You feel great after a high-intensity workout, but your thoughts post workout turn to what kinds of foods to eat. What's too little, too much, too upsetting to your stomach?
At least you know better than not to ask. The worst mistake is to think that after all those calories burned, you can grab a calorie-loaded meal at a fast-food restaurant, which is just the kind of meal you have learned to avoid. It's important to eat something about 30 minutes after the workout to replace the fluids and glycogen (muscle fuel), but it's even more important to eat something right. A recent study in a medical journal points out that it is necessary to consider what you will eat after you exercise. Eating the wrong foods will undo the time and effort you set aside to get fit. Here are 4 no-no foods that could set the clock back to your pre-workout days, before you got serious about exercising to keep fit.
1. Sugar-High Energy Bars, Fruit Drinks and Soda
These are put into one category because the three items have something negative in common: lots of sugar. After a workout, sugar from soft drinks and fructose from fruit juice set your metabolism back to slow. All the energy that was built up by exercise is reversed when your body takes in all that sugar from oversweetened fruit drinks. Read labels carefully. If the grams of sugar are steep according to the label, then reach instead for bottled water. Unsweetened iced tea is another good choice.
2. Weight-Loss Crudites
This may sound counter-intuitive to a keep-fit regimen, but do not reach for celery and carrot sticks as your recovery snack after a workout. After a workout, you need something more substantial than foods with negligible calories. You need to choose a combination of carbs and protein that will help you restore energy and maintain a healthy metabolic rate.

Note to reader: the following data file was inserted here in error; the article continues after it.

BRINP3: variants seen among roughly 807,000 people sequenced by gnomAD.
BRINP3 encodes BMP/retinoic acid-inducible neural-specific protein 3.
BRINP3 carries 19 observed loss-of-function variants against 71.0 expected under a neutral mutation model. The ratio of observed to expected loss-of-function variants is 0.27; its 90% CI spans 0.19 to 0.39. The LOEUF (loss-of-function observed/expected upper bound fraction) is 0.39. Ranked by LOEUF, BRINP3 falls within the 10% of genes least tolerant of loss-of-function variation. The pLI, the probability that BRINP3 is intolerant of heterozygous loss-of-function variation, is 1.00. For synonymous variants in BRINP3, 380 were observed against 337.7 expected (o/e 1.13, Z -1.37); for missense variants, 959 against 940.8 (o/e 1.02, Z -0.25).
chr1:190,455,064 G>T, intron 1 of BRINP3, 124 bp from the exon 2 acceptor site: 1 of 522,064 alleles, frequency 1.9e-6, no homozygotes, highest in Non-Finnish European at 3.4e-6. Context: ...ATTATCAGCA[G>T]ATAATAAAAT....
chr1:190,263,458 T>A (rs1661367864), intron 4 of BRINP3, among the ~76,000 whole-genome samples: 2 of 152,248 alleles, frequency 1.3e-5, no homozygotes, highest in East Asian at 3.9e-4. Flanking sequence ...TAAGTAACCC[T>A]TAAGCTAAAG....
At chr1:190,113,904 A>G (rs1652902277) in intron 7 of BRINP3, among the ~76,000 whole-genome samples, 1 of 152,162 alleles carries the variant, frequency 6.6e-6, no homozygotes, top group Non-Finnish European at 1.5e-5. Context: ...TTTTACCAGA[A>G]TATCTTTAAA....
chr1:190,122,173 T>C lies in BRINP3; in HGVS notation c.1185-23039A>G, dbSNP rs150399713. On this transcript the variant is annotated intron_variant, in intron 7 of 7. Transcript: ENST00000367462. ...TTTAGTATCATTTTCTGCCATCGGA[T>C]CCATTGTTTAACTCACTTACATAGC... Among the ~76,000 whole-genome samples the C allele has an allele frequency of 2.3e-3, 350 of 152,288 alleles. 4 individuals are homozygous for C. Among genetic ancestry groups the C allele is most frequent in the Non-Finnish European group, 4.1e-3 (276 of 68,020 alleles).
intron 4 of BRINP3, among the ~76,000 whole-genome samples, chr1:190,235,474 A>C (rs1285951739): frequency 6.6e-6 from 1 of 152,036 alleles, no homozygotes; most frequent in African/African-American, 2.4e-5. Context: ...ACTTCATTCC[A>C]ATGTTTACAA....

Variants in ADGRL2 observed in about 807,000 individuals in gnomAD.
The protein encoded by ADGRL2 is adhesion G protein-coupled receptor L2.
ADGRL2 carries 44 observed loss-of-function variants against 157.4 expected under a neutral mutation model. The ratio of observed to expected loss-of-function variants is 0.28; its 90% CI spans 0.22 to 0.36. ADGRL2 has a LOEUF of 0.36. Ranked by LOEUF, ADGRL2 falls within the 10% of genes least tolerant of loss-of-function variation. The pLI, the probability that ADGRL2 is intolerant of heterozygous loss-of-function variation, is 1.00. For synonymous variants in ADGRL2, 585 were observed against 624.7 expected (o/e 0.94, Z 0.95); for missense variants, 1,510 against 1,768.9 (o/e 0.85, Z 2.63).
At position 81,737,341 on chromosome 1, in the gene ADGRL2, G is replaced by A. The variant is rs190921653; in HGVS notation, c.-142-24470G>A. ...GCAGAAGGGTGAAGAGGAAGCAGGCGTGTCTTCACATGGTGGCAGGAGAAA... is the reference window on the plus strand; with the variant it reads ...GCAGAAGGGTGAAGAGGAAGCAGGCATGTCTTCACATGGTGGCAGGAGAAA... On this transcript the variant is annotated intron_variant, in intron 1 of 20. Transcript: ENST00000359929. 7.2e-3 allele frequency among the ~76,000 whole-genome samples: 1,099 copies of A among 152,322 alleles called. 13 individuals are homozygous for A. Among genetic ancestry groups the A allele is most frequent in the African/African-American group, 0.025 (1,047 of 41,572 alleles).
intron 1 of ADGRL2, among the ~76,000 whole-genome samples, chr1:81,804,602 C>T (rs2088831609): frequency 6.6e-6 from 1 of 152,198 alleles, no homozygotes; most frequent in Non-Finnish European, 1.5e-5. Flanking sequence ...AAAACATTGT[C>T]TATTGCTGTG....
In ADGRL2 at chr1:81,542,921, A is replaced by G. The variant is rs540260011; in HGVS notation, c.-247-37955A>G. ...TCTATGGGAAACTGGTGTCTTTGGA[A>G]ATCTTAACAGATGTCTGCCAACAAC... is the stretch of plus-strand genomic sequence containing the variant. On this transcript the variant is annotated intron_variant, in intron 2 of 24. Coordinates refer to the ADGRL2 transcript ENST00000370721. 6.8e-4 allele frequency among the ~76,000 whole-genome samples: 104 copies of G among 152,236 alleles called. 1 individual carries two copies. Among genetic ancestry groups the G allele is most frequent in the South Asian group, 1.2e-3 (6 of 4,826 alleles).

The easiest way to remember this rule is to think of protein plus carbs. Eggs and toast, if it is a morning workout, is perfect. Evening workouts can be finished off with a half cup of cottage cheese and a peanut butter sandwich; or a lean-meat sandwich, or a bagel with cream cheese; or a handful of nuts.
3. Too Many Fats
Avoid fatty snacks and mini-meals such as french fries or oily pizza or fast-food subs and burgers. Fitness experts say that only a small percent of your meal should be comprised of fat. Your goal is to replenish your body's glycogen and reduce, not add to, the amount of fat your body stores.
4. Salty Snacks
A protein and carbohydrate post-workout meal such as the ones suggested here have enough salt in them to cover your needs. One professor of biochemistry tells athletes to avoid salt tablets; salt loss from working out, he says, is the athlete's least worry. Loss of minerals such as potassium is far more necessary to think about. You can easily resolve this loss by eating a handful of dried fruit or a banana. In fact, an excess of salt will drive down your levels of potassium.